Environmentally Sustainable Seafood" to help more buyers join
the quest and develop sustainable purchasing policies.
"We're all working toward a common goal of abundant
fisheries, healthy ecosystems
and safe and healthy seafood,"
MBA's partners include foodservice companies Compass Group
and Aramark, which have committed to sourcing species
recommended by Seafood Watch (a wallet-size guide and iPhone
application) and avoiding
"We don't expect a big
company to change overnight, but
there are things they can do right away, like taking red-list
species off the shelves," says Sutton.
One company seeking to repair its image is Trader Joe's,
which operates 324 grocery stores across the United States.
Greenpeace has pummeled the Monrovia, Calif.-based retailer in
its "Carting Away the Oceans" rankings and its orange roughy
costume-wearing activists have protested outside its stores.
Greenpeace has flunked Trader Joe's all three times it has
issued its report cards, and even launched a Web site,
www.traitorjoe.com, to denounce the company's slow progress
toward sustainability and mock its claims of environmental
stewardship. The chain is now seeking the Monterey Bay
Aquarium's help that may result in a partnership, says
"They are serious about doing better with their choices,"
says Sutton. "It doesn't matter why they are seeking [our
advice]. Motivation is less important than what these companies
are prepared to do. Sometimes it just takes an electric
Sutton adds that seafood corporate responsibility programs
should deal with not only procurement, but also waste and
energy use. A full-blown partnership with the MBA, a free union
that can be pulled by the aquarium if it feels the commitment
isn't being fulfilled, says a lot about a company's direction,
"These companies shouldn't feel they have to negotiate this
by themselves," says Sutton, adding that industry groups like
the National Restaurant Association and the National Fisheries
Institute (NFI) are helping by embracing green directives.
"They once acted like alcoholics: Ignore then get angry. Now
they've come to accept that they have an important role to
play. These things are an evolution and a very welcome
Deciding how to get started on a sustainability program and
whether a partnership is viable is a company's journey, not a
destination, says the Food Marketing Institute. The association
offers a detailed question-and-answer document on its Web site
for members to guide them through the early phases of creating
sustainability plan and beyond.
Industry groups also offer assistance and advice on
to members, and even which NGO they might turn
to. Gavin Gibbons, spokesperson for McLean, Va.-based NFI,
lauds the "responsible" work of the NEA and the International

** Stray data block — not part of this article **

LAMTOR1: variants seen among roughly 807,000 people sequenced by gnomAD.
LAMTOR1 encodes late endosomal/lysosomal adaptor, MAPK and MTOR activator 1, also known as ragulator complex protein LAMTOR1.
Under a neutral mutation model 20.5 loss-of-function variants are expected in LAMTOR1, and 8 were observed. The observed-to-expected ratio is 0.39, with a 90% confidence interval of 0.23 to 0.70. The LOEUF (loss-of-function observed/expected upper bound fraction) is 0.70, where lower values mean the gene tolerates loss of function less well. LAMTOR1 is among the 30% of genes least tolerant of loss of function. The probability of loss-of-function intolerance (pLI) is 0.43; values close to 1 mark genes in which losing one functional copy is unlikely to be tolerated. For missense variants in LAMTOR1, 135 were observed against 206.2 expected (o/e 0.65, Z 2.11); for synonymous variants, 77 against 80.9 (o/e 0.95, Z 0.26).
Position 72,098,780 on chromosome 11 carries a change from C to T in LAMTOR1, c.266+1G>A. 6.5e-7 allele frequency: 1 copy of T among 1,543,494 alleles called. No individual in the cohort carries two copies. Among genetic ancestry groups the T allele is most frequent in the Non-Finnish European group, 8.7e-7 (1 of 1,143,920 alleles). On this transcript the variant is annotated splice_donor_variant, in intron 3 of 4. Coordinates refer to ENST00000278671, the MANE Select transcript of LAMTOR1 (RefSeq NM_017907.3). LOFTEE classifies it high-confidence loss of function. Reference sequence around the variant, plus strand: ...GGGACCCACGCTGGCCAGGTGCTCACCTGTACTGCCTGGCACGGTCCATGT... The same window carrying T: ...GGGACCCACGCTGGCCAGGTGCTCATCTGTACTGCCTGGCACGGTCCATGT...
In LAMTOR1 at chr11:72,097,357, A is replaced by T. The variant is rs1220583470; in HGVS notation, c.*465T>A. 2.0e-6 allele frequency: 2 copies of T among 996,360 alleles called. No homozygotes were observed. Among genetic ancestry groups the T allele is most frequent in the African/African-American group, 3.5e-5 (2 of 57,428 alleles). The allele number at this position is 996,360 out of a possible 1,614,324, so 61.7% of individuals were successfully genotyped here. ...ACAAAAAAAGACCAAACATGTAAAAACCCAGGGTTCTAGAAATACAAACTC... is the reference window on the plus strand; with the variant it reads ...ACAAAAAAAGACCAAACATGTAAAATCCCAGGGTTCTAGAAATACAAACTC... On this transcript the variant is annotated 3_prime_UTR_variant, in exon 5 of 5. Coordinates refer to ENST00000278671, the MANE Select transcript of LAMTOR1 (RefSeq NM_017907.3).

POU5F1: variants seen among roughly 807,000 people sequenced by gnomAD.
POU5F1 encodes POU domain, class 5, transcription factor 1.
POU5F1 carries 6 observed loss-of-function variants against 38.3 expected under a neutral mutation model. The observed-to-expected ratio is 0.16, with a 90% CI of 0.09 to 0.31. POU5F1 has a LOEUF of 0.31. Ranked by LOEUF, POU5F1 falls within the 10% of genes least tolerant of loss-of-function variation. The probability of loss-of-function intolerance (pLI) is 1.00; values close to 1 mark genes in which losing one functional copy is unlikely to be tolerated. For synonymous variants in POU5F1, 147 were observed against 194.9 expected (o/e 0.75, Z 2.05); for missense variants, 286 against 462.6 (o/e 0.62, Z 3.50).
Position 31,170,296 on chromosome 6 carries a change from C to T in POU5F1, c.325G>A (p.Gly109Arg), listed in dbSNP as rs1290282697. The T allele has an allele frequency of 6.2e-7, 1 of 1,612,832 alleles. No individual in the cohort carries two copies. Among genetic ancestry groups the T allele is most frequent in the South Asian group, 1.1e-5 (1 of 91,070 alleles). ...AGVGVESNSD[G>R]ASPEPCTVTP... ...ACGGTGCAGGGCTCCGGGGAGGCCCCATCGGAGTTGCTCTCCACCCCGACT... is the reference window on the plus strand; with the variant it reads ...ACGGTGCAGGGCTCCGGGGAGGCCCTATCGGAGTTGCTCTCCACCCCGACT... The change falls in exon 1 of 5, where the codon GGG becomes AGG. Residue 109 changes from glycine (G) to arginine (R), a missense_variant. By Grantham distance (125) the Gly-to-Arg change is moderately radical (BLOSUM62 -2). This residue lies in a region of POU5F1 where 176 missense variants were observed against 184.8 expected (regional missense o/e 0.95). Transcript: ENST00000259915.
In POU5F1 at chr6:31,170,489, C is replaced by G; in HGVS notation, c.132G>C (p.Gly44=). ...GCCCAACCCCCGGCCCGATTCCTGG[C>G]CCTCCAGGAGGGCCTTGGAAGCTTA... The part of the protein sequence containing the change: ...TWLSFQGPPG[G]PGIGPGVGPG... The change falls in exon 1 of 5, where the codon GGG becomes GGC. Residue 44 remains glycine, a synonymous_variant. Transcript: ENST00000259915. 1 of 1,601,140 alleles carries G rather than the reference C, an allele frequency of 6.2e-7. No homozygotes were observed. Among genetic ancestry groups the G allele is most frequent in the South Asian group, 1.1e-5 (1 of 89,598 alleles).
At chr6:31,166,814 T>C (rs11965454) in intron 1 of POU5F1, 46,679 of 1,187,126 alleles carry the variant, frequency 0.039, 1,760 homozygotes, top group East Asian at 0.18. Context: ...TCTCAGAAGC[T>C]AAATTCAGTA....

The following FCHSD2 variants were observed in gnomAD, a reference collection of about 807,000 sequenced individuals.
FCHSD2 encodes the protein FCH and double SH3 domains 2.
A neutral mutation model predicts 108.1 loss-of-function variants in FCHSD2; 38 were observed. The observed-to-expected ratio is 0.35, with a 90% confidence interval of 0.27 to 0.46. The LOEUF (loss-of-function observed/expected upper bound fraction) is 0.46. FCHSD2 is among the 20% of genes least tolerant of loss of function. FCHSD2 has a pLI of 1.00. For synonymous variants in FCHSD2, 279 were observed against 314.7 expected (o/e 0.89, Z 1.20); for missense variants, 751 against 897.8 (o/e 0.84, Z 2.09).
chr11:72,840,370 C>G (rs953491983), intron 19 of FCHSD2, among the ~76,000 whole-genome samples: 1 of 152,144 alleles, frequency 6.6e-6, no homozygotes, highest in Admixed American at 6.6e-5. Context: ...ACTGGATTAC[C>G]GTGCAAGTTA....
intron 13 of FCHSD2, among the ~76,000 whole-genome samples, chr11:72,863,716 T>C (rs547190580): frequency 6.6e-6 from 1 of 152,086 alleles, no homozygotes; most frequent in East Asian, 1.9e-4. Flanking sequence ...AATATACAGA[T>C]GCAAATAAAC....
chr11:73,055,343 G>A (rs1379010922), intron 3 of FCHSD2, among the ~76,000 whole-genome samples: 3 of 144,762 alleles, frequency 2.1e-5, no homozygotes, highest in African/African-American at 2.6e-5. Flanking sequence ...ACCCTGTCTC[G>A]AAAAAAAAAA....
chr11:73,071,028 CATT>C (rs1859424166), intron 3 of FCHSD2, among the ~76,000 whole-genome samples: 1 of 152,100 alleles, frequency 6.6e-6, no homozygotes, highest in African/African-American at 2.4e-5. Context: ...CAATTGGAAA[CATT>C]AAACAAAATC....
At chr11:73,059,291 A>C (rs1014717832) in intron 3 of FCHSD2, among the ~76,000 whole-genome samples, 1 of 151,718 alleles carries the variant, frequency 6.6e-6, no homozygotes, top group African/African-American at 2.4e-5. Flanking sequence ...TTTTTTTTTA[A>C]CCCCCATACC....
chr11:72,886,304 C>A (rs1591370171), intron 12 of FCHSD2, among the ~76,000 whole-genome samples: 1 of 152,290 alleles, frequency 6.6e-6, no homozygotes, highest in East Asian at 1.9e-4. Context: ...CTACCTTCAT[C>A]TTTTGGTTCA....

Sustainable Seafood Foundation, a partnership created in March
between WWF and the top U.S. tuna canners: Bumble Bee, StarKist
and Chicken of the Sea.
"That's clearly a responsible partnership that isn't about
making money off of sustainability labels or fundraising," says
Gibbons, adding there's no one-size-fits-all approach for
seafood buyers. "There are groups out there that champion
sustainability or just appear to do so, like Greenpeace, an
organization that raises money by raising the
flag. It's disingenuous and unconstructive."
While few retailers would ever credit Greenpeace for pushing
them to greener pastures, none would want to be in the
bad-publicity position that Trader Joe's is in. Many are
turning to FishWise, a sustainability-consulting group in Santa
Cruz, Calif. Its partnerships with buyers, distributors and
producers manifest in a variety of ways, depending on the
business model, says Tobias Aguirre, executive director. The
seven-person outfit focuses mainly on independent retail chains
and regional suppliers.
"We're one of the few NGOs that is dedicated solely to
sustainable seafood," says Aguirre. "This is what we do, full
time. We're firmly committed to realizing both conservation and
financial results for our partners."
Part of FishWise's message is to not altogether abandon a
divisive product like farmed salmon, for which there are many
sources and should not necessarily be lumped together as a
whole, notes Aguirre. This fact galvanizes critics of Seafood
Watch, which advises consumers to avoid farmed salmon. Instead,
a buyer should use their leverage to demand improvements,
"Companies should work to improve the fisheries they're
sourcing from," says Aguirre. "But if those fisheries simply
don't make progress or attempt to improve, then eventually
buyers should discontinue those products. The first effort is
to work with them to improve."